Caterham forced to move out of Caterham
Caterham Cars is having to find a new home following the overturning of a planning decision by the local council in Caterham, Surrey.
Yes, you can take the Caterham out of Caterham – despite the best will of Caterham council.
Turns out that property developers owned the site on which Caterham’s famous business has lived since 1973. Caterham has, for several years, had to agree a lease for the home it’s had for four decades.
Planning permission for the redevelopment of the site by Caterham’s landlord was denied last summer. This decision went to appeal, though – and it’s since been overruled. Caterham thus has to depart by the end of the month, or around a week at the time of writing.
It’s therefore going to a temporary site while it finds a more permanent home. Caterham Cars is, literally (albeit partly), homeless: temporary accommodation in Crawley must do while it takes stock.
Doesn’t this strike you as odd? That a planning decision that would involve forcing a brand set for the big time out of the location it started out at has succeeded? That newbuild construction can outweigh the logic of letting a company named after the town stay in the town centre base it grew from?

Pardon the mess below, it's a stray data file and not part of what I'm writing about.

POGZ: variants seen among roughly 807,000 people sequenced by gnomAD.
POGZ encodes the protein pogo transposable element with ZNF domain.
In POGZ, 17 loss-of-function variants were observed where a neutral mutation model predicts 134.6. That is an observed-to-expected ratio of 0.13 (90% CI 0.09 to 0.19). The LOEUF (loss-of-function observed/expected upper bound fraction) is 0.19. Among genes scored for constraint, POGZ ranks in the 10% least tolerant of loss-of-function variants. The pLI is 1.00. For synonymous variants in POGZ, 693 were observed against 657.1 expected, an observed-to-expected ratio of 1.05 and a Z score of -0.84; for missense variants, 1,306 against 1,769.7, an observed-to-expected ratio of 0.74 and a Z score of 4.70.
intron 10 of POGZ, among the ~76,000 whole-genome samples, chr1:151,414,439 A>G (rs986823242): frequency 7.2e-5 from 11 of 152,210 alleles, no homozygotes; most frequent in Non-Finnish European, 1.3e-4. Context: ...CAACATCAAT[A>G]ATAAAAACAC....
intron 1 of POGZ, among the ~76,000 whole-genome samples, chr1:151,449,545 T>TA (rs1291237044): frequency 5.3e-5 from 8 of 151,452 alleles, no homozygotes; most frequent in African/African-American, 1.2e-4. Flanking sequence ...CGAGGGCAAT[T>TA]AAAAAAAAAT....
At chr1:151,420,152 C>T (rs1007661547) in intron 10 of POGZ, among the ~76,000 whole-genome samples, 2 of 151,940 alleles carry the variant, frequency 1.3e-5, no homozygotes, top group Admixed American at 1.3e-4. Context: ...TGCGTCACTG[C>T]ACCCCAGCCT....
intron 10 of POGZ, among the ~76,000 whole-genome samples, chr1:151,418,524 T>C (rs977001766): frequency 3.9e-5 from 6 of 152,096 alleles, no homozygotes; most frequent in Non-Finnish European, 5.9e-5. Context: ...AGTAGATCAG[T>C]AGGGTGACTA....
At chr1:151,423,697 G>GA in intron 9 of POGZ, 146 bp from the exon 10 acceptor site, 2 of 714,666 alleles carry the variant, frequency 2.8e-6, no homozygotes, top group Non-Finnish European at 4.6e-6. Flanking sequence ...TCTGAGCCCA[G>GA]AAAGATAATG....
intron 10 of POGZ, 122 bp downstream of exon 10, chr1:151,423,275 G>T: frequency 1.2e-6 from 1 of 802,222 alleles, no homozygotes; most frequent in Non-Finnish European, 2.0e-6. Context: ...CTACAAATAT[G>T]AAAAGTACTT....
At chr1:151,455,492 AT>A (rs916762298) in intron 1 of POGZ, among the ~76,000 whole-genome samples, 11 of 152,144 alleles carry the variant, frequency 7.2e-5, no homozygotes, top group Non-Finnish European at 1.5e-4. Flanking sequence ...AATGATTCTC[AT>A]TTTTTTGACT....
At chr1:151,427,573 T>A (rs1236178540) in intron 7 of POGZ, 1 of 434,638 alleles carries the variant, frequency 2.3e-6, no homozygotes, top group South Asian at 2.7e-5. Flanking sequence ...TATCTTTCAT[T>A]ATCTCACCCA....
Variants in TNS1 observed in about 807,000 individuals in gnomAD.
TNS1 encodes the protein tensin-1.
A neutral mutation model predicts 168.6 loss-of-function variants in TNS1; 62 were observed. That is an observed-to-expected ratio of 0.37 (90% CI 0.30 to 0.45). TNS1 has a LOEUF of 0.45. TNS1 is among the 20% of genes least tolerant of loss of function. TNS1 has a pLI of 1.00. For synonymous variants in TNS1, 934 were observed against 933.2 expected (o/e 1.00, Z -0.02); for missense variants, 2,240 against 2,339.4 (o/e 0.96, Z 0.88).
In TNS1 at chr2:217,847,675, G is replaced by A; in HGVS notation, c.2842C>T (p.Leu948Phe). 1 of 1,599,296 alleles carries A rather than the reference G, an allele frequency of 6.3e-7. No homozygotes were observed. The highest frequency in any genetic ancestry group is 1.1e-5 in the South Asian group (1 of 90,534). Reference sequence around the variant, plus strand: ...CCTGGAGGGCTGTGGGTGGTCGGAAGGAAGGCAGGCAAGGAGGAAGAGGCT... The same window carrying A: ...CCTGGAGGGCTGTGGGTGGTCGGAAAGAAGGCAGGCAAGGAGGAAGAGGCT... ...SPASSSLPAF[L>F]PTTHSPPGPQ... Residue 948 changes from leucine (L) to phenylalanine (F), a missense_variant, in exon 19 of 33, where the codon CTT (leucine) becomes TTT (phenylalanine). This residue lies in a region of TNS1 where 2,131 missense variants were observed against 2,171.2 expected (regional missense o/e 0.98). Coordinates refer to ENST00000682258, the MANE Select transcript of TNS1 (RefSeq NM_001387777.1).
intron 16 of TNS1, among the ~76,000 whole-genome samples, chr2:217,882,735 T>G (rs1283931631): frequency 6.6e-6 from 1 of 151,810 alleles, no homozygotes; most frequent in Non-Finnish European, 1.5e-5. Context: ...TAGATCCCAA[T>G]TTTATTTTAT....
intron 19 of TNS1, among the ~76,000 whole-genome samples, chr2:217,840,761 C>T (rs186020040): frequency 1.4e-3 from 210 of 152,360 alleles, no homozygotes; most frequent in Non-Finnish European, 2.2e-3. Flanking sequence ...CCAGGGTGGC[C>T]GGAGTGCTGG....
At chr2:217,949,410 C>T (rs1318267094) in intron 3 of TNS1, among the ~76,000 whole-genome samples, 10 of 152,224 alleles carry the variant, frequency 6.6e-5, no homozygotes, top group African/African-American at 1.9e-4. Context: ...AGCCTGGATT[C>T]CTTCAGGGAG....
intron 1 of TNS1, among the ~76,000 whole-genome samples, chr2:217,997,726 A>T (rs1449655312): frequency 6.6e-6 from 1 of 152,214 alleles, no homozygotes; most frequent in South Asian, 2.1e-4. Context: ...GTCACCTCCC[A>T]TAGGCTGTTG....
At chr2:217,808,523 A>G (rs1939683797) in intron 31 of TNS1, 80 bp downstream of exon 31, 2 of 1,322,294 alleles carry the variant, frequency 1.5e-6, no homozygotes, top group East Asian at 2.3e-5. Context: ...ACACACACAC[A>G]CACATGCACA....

The production and administration side of the business has long since moved out of Caterham. It was relocated to Kent back in 1987. But the showroom remained, despite founder Graham Nearn’s son Simon selling the business in 2005: they retained the freehold on the site.
Most locals were apparently proud of this link, and a protest was even staged last year to try and ensure the planning decision wasn’t passed. Alas, it didn’t succeed.
Instead, that association is to disappear. And what’s happening to the Station Avenue business many of us know so well? It’s being knocked down and turned into 35 retirement flats.
Absolutely bizarre. I’m sure, to some government officials, it makes complete sense. Seems to me, though, a planning decision that those involved in forcing it through may come to bitterly regret in coming years.
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